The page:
Triage: Not all endangered species worth saving says scientist: cost-efficiency decisions needed
Posted by gmarkets on 17 October, 2007
Federation fellow Hugh Possingham had said throwing money and other resources at those plants and animals on the edge of oblivion was bad economics, wrote Brandan O’Keefe in The Australian (10/10/2007, p. 25).
More training in mathematics needed: Professor Possingham’s proposal had raised eyebrows at the inaugural University of Queensland Federation Fellows Public Lecture in Brisbane last month. He had told the audience his proposal represented “an unpalatable proof of triage; that is the highest risk species are not necessarily the species we work on. (It is) an economically rational allocation of funds to maximise final outcome given fixed resources.” Possingham had said the conservation industry did not have the training in applied maths and economics to make good decisions. Universities should offer masters in quantitative wildlife management, he had said. “It’s hard to convince people in first year that maths is relevant but by third year they realise that all of science is quantitative.”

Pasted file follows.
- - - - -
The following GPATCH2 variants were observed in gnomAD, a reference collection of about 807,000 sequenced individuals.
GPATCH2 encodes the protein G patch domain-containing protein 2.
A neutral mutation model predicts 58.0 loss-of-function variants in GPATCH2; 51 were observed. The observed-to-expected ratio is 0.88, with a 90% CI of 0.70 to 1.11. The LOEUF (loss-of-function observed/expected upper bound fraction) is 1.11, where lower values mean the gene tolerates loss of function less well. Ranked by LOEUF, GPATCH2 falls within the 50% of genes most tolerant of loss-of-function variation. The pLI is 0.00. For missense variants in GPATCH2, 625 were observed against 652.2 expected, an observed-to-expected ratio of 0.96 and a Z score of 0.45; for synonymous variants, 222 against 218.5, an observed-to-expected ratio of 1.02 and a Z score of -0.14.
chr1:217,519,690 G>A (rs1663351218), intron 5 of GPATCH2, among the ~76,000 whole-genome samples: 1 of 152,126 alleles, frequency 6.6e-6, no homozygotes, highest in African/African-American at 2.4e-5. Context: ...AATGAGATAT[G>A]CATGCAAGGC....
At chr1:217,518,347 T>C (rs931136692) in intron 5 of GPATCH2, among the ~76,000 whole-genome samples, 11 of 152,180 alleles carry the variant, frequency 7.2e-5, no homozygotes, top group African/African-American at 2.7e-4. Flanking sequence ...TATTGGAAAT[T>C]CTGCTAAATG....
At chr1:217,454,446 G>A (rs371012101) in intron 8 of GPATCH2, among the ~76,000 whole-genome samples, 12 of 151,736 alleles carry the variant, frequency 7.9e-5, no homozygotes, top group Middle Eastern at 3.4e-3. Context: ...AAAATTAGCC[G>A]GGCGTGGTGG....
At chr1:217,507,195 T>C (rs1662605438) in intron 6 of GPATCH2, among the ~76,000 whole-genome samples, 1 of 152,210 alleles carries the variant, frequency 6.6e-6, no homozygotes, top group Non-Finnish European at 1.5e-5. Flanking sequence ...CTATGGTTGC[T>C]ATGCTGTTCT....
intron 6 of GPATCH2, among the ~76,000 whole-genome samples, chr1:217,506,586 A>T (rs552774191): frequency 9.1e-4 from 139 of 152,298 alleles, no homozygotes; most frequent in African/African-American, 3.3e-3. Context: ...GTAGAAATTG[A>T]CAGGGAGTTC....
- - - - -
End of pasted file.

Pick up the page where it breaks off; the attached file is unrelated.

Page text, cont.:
Saving condor cost $US20 million: Possingham, professor of mathematics in the spatial ecology group at the University of Queensland, said: “The Californian condor has been recovered from the brink of extinction, but it cost $US1O million to $US20 million. That $20 million could have been used to secure large tracts of rainforest to save hundreds of species. We hand out our money to the species that are most likely to go extinct and we ignore the cost.” He said that took away the money that could be spent on others. “We spend a lot of money saving the basket cases but while you’re doing that all the things that aren’t basket cases become basket cases.”
Cost-efficiency decision: Possingham, whose background is in applied mathematics and biochemistry, said it was a cost-efficiency decision. Lose another species of beetle or grasshopper and the cost would be low. But the cassowary, the giant flightless bird of the far north Queensland rainforests, was worth saving. “If they go extinct, the forests of far north Queensland will change forever because the cassowaries disperse the seeds of a whole range of trees and they might diminish,” he said. “And for every tree, there’s probably 20 species of insect. It would cause an extinction cascade of 100 to 1000 other species.”
The Australian, 10/10/2007, p. 25